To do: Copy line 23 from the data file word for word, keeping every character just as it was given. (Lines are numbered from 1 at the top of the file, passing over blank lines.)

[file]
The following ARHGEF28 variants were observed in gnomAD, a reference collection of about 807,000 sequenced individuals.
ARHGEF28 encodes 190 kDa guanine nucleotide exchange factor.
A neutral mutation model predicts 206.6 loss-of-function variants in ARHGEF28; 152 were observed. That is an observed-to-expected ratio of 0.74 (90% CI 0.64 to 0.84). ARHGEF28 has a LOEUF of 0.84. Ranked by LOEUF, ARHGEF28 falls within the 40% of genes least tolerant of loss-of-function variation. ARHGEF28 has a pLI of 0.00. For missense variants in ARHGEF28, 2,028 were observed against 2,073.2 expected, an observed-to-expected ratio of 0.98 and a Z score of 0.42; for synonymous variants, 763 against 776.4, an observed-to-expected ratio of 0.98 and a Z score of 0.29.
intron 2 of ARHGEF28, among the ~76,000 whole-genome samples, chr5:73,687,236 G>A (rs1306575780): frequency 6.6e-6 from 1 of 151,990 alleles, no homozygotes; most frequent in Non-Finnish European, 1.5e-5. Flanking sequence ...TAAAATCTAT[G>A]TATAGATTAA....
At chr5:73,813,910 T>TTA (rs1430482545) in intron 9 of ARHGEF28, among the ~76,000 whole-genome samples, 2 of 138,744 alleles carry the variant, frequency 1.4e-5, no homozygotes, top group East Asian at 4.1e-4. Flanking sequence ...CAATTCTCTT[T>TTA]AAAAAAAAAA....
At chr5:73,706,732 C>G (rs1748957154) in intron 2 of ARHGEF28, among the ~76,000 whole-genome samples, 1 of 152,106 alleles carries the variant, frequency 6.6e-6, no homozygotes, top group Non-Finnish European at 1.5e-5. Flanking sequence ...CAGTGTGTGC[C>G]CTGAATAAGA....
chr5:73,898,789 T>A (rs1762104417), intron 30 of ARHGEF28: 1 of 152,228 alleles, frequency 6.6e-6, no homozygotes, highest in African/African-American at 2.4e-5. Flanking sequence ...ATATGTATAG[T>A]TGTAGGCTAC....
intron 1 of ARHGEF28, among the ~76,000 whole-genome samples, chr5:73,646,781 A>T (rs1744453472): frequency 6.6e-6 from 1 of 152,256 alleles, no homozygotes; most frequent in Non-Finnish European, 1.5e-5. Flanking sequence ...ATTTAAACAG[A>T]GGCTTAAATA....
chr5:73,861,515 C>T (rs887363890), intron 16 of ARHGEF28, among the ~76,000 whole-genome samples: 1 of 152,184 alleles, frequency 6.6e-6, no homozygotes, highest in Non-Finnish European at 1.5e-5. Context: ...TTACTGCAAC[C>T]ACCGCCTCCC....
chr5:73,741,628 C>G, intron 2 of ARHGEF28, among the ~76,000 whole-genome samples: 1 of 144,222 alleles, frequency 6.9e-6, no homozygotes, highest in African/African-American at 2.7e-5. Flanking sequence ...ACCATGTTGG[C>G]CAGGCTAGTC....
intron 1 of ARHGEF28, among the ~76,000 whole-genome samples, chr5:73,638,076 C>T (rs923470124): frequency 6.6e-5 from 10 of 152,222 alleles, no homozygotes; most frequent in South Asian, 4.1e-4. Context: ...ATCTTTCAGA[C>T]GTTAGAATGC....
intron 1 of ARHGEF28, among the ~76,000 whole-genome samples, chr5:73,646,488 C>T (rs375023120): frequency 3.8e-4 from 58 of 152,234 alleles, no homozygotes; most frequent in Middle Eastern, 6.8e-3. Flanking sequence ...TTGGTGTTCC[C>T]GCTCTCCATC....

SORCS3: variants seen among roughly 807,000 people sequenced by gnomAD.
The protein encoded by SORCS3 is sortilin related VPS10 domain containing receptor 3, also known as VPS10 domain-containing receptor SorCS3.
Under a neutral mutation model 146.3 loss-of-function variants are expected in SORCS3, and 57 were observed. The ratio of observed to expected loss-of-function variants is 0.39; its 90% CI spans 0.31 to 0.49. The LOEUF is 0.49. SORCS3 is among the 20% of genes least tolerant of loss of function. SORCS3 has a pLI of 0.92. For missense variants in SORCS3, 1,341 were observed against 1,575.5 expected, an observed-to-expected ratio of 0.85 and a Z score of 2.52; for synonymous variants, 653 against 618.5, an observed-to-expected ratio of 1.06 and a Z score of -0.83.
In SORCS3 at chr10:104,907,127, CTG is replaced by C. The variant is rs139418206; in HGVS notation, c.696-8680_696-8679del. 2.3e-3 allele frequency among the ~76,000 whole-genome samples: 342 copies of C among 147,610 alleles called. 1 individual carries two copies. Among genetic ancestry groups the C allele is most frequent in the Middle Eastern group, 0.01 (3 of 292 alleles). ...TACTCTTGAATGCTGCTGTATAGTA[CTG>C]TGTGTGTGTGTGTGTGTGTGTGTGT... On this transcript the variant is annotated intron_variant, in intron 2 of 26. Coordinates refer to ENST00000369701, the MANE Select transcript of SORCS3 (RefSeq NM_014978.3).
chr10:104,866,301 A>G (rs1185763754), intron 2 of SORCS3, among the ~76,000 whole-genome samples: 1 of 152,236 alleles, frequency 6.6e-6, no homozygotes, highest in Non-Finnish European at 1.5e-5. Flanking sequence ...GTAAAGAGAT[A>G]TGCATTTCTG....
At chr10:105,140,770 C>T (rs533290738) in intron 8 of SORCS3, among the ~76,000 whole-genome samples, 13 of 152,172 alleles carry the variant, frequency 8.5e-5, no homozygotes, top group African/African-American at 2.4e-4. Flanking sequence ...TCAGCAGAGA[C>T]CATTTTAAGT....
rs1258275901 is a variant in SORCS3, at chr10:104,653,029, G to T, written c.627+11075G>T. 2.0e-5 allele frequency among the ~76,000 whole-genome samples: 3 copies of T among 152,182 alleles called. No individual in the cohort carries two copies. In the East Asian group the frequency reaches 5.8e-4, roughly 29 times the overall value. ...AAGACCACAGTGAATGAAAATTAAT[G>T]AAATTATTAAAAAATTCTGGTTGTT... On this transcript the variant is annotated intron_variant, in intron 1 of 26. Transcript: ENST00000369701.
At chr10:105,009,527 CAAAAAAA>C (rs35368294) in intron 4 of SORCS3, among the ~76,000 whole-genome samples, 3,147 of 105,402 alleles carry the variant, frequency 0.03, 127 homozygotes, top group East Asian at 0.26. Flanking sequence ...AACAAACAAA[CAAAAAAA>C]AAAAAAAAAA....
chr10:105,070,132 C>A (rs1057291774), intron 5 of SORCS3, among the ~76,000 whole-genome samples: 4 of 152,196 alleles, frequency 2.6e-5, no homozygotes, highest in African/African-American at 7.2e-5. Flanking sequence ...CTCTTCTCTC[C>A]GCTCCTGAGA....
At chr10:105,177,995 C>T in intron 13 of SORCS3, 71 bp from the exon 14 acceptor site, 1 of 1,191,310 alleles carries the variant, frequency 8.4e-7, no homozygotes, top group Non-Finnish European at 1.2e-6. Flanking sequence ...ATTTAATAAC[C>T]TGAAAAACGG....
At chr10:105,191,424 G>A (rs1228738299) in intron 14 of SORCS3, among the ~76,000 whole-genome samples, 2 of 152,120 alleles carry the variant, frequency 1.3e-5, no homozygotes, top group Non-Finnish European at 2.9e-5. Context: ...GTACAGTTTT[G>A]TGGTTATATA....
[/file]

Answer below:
At chr10:105,191,424 G>A (rs1228738299) in intron 14 of SORCS3, among the ~76,000 whole-genome samples, 2 of 152,120 alleles carry the variant, frequency 1.3e-5, no homozygotes, top group Non-Finnish European at 2.9e-5. Context: ...GTACAGTTTT[G>A]TGGTTATATA....